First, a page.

Steam's continuing beta of its , which lets you play games on by streaming them off a computer, added a major new capability today: streaming to devices on any network rather than only on the same network as the host computer. It's all still in beta, but it fills an important hole that Steam needs in order to compete.
Cloud gaming and game streaming are going to be the talk of next week's Game Developer Conference (GDC), and companies are dropping hints and previews like mad to make sure they don't get left behind. and announced that its , and the countdown has started to . Plus, we're expecting news about on March 25.
Less glamorous than cross-network gameplay, the boring-sounding news about the addition of new APIs to the Steamworks SDK is actually quite notable: The extensions give developers access to Steam's network backbone and packet management skills -- honed via its DOTA 2 and Counterstrike: Global Offensive experience -- for multiplayer games. This should (in theory) lighten the cost load for midsize and small developers, making it possible for them to host multiplayer games without having to worry about some of the big network pains, like latency, on a far-less-than AAA budget.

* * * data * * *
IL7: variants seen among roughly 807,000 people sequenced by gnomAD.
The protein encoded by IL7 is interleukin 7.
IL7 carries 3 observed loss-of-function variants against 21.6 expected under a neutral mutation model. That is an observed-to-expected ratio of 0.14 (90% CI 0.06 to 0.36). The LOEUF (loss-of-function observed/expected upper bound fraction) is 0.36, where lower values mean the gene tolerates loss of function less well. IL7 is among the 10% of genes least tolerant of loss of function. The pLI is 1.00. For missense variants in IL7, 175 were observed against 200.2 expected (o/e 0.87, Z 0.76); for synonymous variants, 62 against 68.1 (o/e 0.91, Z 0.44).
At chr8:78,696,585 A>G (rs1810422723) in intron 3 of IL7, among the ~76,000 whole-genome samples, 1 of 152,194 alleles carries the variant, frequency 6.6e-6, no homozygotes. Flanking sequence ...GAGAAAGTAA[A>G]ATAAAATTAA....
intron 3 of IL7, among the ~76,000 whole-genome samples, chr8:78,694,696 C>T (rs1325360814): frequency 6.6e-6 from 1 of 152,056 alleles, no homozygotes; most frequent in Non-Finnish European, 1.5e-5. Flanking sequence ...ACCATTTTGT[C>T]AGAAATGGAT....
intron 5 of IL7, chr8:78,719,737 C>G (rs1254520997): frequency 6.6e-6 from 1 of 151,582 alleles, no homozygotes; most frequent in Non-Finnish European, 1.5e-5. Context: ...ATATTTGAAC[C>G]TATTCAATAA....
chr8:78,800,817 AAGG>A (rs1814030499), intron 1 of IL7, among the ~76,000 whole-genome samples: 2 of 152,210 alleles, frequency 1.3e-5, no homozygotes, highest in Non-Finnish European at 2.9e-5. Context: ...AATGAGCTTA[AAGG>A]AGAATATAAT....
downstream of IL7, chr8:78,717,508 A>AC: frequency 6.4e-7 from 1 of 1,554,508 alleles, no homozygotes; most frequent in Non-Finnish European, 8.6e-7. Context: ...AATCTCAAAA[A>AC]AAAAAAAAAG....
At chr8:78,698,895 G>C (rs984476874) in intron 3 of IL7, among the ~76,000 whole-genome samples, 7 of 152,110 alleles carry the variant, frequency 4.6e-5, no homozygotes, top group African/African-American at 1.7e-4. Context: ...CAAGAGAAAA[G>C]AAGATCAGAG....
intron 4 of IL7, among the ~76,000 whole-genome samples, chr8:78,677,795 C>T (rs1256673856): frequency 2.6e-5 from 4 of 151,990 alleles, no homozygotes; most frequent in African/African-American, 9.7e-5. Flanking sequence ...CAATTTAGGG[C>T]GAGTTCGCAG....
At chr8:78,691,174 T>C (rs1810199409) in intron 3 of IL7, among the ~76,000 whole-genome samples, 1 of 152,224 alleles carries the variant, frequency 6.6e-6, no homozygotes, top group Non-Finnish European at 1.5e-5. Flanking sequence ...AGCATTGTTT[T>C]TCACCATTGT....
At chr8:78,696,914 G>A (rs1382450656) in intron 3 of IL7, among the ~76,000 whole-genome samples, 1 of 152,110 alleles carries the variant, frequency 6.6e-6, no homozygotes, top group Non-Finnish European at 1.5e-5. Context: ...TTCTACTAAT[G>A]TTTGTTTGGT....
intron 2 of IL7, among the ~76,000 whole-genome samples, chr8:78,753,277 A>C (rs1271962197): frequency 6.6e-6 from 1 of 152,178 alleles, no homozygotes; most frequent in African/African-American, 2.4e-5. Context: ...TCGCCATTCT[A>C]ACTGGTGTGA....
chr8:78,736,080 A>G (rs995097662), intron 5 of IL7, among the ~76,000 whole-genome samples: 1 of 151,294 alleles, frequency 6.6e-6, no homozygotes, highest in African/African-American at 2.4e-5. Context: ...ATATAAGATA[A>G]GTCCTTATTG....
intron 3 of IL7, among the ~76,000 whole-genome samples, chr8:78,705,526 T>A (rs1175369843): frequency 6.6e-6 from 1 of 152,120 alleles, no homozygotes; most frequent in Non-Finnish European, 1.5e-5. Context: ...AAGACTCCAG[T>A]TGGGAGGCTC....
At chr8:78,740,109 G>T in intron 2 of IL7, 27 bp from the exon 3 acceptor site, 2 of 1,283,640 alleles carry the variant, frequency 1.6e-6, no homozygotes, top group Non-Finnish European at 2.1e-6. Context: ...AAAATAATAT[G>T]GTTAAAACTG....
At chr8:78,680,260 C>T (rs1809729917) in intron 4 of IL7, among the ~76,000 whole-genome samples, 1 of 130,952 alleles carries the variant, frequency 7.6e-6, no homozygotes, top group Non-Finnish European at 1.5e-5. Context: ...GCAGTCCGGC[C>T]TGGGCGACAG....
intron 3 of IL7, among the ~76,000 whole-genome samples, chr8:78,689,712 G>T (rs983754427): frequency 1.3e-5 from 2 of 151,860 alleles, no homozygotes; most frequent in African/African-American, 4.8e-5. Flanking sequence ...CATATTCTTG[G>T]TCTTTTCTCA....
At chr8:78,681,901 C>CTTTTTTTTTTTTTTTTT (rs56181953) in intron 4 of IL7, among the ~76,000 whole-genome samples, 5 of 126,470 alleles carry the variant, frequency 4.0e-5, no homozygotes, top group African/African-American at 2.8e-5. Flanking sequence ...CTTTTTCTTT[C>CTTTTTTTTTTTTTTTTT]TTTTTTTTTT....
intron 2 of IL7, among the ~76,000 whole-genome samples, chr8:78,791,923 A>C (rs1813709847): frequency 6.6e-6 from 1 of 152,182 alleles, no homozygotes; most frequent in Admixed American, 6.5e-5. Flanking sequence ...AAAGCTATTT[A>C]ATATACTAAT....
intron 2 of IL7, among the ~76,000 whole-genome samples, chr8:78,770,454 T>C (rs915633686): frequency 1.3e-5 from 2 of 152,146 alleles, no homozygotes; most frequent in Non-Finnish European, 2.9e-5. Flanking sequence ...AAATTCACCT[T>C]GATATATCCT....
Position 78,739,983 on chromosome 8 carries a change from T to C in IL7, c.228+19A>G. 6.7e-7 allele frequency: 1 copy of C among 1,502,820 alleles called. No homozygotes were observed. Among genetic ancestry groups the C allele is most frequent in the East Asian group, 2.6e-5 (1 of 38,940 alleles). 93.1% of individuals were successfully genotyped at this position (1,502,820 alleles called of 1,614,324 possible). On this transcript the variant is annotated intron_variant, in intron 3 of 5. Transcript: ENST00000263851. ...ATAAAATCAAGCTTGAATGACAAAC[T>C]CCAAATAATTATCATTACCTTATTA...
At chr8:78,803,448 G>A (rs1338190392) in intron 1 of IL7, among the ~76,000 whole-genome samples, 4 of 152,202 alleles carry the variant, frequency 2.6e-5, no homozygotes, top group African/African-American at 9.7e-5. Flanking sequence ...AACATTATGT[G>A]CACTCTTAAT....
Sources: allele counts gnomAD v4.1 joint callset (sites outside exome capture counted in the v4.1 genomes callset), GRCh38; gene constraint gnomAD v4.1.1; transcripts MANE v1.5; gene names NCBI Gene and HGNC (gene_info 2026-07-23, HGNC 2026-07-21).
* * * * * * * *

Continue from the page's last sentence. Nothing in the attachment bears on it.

This comes at a time when Valve's under pressure for its vis-a-vis (yet again), as well as dealing with .